A single science textbook often provides the syllabus for courses at upper secondary and tertiary levels, and may be used as a principal source of information or explanation. The research reported in this article challenges such practices. The ways in which the concept, acceleration, is treated in physics textbooks is compared with understandings of the concept demonstrated by final-year secondary (Year 12) and first-year university students. Some students' understandings are shown to be incomplete in ways that parallel misleading or inaccurate textbook treatments of the concept. In addition to misleading or inaccurate statements, the limitations of some textbook treatments of acceleration were found to include: lack of attempts to make explicit relationships with other concepts, failure to point out when it is appropriate to use particular definitions or that an alternative definition might be more appropriate in specific situations, inclusion of operational definitions without conceptual explanations, and a focus on quantitative treatments while overlooking the development of qualitative understanding. Two principal aspects that distinguished the ways in which the students understood acceleration were identified: (a) the relation between acceleration and velocity; and (b) the relation between acceleration and force(s). The results of the study have implications for teaching and, in particular, for the use of textbooks in teaching. These implications are discussed in the article.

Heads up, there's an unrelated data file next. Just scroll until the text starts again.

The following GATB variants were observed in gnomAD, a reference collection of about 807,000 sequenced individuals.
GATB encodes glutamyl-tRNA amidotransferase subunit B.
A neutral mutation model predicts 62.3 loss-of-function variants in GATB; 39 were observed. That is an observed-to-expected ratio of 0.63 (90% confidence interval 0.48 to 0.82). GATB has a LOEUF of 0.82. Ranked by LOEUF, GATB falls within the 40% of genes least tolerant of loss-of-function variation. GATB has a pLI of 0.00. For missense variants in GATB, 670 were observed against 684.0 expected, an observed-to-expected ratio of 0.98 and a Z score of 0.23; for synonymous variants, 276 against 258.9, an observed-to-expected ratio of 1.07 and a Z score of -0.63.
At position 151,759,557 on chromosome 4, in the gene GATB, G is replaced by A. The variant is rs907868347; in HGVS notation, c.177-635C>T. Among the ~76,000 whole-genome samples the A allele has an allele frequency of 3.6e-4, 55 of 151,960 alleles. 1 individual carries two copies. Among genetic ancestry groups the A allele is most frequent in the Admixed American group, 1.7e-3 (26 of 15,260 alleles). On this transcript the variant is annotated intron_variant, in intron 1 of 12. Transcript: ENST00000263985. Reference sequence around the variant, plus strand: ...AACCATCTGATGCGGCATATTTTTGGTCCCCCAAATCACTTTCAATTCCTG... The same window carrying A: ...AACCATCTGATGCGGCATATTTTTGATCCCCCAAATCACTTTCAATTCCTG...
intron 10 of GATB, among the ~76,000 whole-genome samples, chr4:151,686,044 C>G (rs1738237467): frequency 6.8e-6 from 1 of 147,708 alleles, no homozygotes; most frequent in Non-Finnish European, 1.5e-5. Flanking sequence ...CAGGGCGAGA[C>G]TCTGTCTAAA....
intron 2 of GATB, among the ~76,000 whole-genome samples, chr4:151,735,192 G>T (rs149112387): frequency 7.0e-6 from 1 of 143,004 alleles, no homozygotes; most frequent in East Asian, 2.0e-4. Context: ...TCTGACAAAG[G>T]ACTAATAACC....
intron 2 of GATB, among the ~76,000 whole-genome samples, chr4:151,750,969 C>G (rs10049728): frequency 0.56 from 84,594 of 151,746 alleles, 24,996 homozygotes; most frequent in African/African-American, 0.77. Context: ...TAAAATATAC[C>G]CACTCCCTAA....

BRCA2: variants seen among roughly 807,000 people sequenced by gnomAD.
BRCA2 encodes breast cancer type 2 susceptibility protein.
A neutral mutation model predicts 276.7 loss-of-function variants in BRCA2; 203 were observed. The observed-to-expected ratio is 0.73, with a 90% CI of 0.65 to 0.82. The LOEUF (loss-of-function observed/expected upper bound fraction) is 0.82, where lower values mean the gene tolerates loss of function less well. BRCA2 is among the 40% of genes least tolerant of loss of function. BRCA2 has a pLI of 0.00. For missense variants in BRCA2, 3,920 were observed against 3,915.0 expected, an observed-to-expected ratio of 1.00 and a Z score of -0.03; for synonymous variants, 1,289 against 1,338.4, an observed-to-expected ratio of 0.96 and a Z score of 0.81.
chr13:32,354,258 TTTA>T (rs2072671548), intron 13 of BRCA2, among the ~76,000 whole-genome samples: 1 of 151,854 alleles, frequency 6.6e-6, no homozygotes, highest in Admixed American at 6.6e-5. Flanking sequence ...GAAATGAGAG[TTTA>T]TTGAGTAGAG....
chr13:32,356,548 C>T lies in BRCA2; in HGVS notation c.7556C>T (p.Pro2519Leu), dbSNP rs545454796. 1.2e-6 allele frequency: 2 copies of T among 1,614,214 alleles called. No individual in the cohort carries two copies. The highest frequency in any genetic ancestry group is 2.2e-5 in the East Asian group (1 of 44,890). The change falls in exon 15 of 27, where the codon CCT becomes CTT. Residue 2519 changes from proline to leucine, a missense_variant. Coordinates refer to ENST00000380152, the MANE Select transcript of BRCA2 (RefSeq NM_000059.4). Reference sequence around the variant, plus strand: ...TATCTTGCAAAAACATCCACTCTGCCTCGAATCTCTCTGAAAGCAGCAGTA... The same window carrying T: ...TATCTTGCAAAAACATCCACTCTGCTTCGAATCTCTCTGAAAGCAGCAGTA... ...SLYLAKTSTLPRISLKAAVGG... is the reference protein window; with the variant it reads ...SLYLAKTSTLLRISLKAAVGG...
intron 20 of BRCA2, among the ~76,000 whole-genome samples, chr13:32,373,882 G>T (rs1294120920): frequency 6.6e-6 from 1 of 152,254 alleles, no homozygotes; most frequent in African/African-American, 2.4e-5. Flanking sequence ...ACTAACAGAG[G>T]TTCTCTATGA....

- Science textbooks,
- Upper secondary,
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